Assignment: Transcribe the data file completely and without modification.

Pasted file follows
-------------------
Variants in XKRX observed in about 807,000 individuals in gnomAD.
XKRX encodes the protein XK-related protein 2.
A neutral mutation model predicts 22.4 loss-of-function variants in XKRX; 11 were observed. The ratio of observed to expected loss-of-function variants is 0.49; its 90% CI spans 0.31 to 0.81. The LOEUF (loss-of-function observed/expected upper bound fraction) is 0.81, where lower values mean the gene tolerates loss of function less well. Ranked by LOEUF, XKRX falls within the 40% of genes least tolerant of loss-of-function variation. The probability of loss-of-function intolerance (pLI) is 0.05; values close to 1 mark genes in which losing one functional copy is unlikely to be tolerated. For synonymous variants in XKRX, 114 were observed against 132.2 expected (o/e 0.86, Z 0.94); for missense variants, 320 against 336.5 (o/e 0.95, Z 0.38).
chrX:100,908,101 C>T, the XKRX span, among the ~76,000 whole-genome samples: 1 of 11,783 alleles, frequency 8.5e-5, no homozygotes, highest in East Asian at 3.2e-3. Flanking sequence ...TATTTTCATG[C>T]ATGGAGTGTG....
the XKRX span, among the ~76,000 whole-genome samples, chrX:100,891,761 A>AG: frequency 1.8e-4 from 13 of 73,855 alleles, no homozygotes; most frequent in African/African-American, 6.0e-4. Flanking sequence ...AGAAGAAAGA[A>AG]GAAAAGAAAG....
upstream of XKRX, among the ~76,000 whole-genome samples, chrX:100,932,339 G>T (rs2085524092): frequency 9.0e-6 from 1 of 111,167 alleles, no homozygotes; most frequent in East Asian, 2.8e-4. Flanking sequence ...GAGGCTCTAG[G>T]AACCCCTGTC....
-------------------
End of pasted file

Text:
Variants in XKRX observed in about 807,000 individuals in gnomAD.
XKRX encodes the protein XK-related protein 2.
A neutral mutation model predicts 22.4 loss-of-function variants in XKRX; 11 were observed. The ratio of observed to expected loss-of-function variants is 0.49; its 90% CI spans 0.31 to 0.81. The LOEUF (loss-of-function observed/expected upper bound fraction) is 0.81, where lower values mean the gene tolerates loss of function less well. Ranked by LOEUF, XKRX falls within the 40% of genes least tolerant of loss-of-function variation. The probability of loss-of-function intolerance (pLI) is 0.05; values close to 1 mark genes in which losing one functional copy is unlikely to be tolerated. For synonymous variants in XKRX, 114 were observed against 132.2 expected (o/e 0.86, Z 0.94); for missense variants, 320 against 336.5 (o/e 0.95, Z 0.38).
chrX:100,908,101 C>T, the XKRX span, among the ~76,000 whole-genome samples: 1 of 11,783 alleles, frequency 8.5e-5, no homozygotes, highest in East Asian at 3.2e-3. Flanking sequence ...TATTTTCATG[C>T]ATGGAGTGTG....
the XKRX span, among the ~76,000 whole-genome samples, chrX:100,891,761 A>AG: frequency 1.8e-4 from 13 of 73,855 alleles, no homozygotes; most frequent in African/African-American, 6.0e-4. Flanking sequence ...AGAAGAAAGA[A>AG]GAAAAGAAAG....
upstream of XKRX, among the ~76,000 whole-genome samples, chrX:100,932,339 G>T (rs2085524092): frequency 9.0e-6 from 1 of 111,167 alleles, no homozygotes; most frequent in East Asian, 2.8e-4. Flanking sequence ...GAGGCTCTAG[G>T]AACCCCTGTC....